Friday, April 2, 2010

Lambadas on the subway

As a kid in Brooklyn, Easter and holy week were pretty important and the services were very impressive.
Whenever friends, who were not Greek Orthodox came, they found the services amazing.

Getting the holy flame home after midnight mass was a bitch. None of the Greeks from Coney Island, then, had cars.

Transport was the subway. The church was off of Kings Highway, that stop was at least 6 to 7 stops from Stillwell Ave., Coney Island. Our stop.

Getting on the train with a flaming lambada, usually with 10 other Greeks all with their lambadas, was not easy.

Not too many subway employees were Greek, so we could not use connections. We used distraction, pleading, some even attempted to hide a flaming 2 foot candle under their coats. Somehow enough of us got on the train with lit lambadas, so everybody relit theirs and we hoped no subway cop would show up, chances of them being Greek were nil.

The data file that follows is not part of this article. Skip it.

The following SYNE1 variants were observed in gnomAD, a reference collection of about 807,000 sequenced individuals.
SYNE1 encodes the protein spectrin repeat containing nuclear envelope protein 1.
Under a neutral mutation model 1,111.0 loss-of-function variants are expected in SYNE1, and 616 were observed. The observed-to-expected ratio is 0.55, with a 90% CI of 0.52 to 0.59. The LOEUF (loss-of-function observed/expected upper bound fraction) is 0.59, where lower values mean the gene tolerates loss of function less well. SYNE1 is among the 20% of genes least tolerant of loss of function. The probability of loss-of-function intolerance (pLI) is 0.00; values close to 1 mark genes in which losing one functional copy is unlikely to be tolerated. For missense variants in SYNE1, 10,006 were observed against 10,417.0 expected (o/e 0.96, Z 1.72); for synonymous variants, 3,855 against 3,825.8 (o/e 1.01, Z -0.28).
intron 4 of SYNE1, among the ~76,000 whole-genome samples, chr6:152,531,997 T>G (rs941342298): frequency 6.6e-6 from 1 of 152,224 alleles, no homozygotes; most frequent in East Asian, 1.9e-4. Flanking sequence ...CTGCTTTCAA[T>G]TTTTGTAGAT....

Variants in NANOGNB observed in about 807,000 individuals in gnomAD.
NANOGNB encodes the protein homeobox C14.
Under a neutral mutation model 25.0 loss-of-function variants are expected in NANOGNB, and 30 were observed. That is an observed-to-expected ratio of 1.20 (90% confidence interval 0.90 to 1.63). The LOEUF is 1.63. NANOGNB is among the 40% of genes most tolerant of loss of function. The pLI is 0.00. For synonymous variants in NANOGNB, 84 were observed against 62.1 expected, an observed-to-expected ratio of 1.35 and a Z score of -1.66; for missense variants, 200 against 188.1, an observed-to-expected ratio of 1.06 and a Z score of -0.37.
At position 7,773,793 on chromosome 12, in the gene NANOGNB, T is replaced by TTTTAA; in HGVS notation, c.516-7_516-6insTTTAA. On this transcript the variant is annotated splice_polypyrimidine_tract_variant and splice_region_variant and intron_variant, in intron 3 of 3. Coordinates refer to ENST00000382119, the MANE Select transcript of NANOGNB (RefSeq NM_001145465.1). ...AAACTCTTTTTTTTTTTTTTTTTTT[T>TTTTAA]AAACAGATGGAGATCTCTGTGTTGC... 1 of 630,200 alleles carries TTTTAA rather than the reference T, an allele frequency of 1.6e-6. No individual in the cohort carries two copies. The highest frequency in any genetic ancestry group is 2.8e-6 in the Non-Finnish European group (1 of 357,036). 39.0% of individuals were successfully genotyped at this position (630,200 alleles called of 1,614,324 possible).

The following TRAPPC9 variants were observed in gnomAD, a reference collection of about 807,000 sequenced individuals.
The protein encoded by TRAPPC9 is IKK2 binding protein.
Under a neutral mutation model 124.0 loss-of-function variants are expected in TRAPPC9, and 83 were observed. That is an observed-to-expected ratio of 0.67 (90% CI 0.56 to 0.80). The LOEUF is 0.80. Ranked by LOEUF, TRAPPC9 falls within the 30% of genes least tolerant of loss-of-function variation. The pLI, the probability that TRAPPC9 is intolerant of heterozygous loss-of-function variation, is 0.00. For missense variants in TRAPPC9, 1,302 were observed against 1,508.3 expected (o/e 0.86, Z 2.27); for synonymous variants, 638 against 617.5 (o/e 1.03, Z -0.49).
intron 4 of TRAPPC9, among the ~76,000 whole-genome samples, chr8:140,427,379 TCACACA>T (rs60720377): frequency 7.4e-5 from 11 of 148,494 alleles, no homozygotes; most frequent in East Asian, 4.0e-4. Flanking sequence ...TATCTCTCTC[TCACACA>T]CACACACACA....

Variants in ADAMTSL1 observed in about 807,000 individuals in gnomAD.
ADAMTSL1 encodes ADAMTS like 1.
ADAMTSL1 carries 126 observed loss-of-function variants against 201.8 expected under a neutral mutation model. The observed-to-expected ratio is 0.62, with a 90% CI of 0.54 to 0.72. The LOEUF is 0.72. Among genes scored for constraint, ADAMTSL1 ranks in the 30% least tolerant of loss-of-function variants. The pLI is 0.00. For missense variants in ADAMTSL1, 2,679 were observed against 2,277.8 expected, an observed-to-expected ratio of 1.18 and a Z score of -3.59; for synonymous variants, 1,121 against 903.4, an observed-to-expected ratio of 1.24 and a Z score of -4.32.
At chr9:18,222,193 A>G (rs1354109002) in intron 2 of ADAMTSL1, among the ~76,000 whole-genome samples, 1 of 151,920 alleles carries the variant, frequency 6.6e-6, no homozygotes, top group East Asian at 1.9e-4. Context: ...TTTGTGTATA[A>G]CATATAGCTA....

We usually made it to Coney Island with lambadas blazing. Next, the 3 block walk home, at 2 am. with the wind from the ocean blowing like crazy, was the hardest part. No miracles to still the wind, or even 10 minutes of calm, till we made it home.

I usually made it home and the flame was kept burning for 40 days in the iconostasio at home.

Now, after 60+ years, I have a confession to make. When I did not make it and the candle blew out, I relit it with a match. I am not sure if it is a mortal sin or even a regular sin.
Nothing disastrous ever seemed to happen.

Sorry Momma.


  1. Very touching. Especially the last sentence. Made me cry and laugh at the same time.